Telehealth has been around for a while, but with the coronavirus pandemic hitting, medical professionals are making it a priority for treatment. Rather than having hospitals become inundated with worried patients, doctors are encouraging people to use telehealth apps for pre-screening and early diagnosis.
One such app, K-Health, launched in 2018 and now has almost two million users. Getting yourself set up on this app is similar to other apps that hospitals are using. The guide below will get you the info you need to understand how this and other telehealth apps work, but you should check with your local hospital, healthcare provider, or insurance company to see if they recommend a particular app.
Prepping for Use
When setting up an account, users provide basic information about gender and age. Additional information can be added at any time, including allergies, surgical history, chronic health conditions, family history and current medications.
Users begin their “visit” by entering a symptom. The K-Health app asks questions to gather more information. This all works in conjunction with artificial intelligence (AI) when assessing health complaints.
Next, information is provided about diagnoses and treatments based on K-Health’s database of patients. Users are then given the option of chatting with a board-certified doctor via the app. The app quotes a $14 fee for a live chat with a doctor and can include a diagnosis, prescriptions, even labs. However, your insurance provider or primary care physician may have an app or system that is covered by your current plan.
On Call: Other Telehealth Apps
Some local physicians are using basic apps like Zoom, Google Chat, and Facetime to connect with patients. There are legitimate privacy concerns with these options, but if it gets you seen then it may be worth it. Again, this is why we suggest you contact your doctor’s office to see if they have a preferred telehealth communication method.
CirrusMD is a member-based app offered through insurance companies and integrated delivery networks. It allows subscribers to instantly chat with a physician, pharmacy representative or health plan rep. The app promotes the use of the platform as a way to increase patient satisfaction and decrease costs.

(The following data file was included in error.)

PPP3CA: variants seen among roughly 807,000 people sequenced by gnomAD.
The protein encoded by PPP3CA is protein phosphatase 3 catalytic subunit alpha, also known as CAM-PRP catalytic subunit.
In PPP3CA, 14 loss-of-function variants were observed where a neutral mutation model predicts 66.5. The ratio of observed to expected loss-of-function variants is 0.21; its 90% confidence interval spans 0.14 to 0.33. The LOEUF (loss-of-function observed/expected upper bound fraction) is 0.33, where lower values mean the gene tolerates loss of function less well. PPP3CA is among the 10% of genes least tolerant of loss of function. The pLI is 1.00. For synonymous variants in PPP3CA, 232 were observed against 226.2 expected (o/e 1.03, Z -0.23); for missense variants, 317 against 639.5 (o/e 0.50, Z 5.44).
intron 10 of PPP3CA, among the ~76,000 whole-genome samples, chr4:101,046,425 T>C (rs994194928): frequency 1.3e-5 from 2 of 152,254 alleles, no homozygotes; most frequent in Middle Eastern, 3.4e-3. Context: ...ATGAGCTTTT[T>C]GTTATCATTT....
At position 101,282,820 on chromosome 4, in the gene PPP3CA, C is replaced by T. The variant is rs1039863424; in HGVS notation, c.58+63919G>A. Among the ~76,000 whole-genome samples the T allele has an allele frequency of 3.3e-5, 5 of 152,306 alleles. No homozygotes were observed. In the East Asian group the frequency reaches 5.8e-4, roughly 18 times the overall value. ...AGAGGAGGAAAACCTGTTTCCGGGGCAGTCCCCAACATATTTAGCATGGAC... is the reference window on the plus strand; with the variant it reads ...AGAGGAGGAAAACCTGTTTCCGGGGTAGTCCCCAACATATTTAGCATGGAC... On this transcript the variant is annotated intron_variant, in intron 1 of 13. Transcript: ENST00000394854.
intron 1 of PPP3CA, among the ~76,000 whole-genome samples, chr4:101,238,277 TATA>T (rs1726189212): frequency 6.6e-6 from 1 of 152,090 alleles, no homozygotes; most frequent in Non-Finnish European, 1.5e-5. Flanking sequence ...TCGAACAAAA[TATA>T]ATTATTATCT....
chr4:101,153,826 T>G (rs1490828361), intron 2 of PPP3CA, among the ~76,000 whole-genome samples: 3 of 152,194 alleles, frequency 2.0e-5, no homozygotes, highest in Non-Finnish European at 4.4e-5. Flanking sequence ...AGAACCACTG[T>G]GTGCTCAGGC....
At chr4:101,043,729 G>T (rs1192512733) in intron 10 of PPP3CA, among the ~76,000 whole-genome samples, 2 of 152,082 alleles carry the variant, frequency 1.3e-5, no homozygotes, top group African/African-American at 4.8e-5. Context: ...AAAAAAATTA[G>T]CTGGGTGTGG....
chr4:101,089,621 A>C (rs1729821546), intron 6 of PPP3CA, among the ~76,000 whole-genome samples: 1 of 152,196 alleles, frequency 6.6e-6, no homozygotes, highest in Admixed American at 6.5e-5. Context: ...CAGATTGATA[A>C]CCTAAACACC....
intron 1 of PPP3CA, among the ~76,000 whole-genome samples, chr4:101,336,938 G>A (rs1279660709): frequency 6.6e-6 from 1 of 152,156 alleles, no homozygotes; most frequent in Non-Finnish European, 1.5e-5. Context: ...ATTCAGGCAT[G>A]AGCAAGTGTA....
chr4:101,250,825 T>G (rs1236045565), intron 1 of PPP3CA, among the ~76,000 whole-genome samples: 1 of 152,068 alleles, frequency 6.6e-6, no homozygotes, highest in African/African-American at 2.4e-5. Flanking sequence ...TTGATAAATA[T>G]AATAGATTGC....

98Point6 is subscription-based and describes their services as “on-demand primary care.” They offer Personal Plans and an Employer-sponsored Plan. The Personal Plans are available for an introductory rate of $20 for the first year. After that, it is $120 per year. Each “visit” is $1. There’s no charge for people whose employer offers 98Point6. “Visits” are provided at either no cost or for a small fee to employees and their adult dependents.
98Point6’s website says they “learn from every visit, getting smarter every time you use it.” After providing information about your symptoms, You text with the physician.
More Info on K-Health’s Expansion
Earlier this year, K-Health introduced K Primary Care, a service that enables people to chat with a doctor through the app for a diagnosis and prescription. K Primary Care operates in 38 states and has nearly 10,000 subscribers.
Susie Tran, a 30-year-old kindergarten teacher and lifestyle blogger of Mile High Dreamers, used the app recently when she became concerned about worsening pain from what she thought was a pulled chest muscle.
“It was Sunday night, and I don’t have a primary care doctor,” she tells Parentology. “I chose the option of chatting with a doctor who recommended I go to the emergency room (ER).”
It was a good call on both the K-Health doctor and Tran. Although her symptoms and lab results made the ER doctor suspicious of pneumonia or a blood clot in her lungs, it turned out that she had Atelectasis, a partial collapse of the lung.
Tran, who says she would use the app again, said, “I found it reassuring to have my symptoms assessed by an actual doctor. An ER visit isn’t cheap, and I didn’t want to spend that kind of money if I didn’t need to.”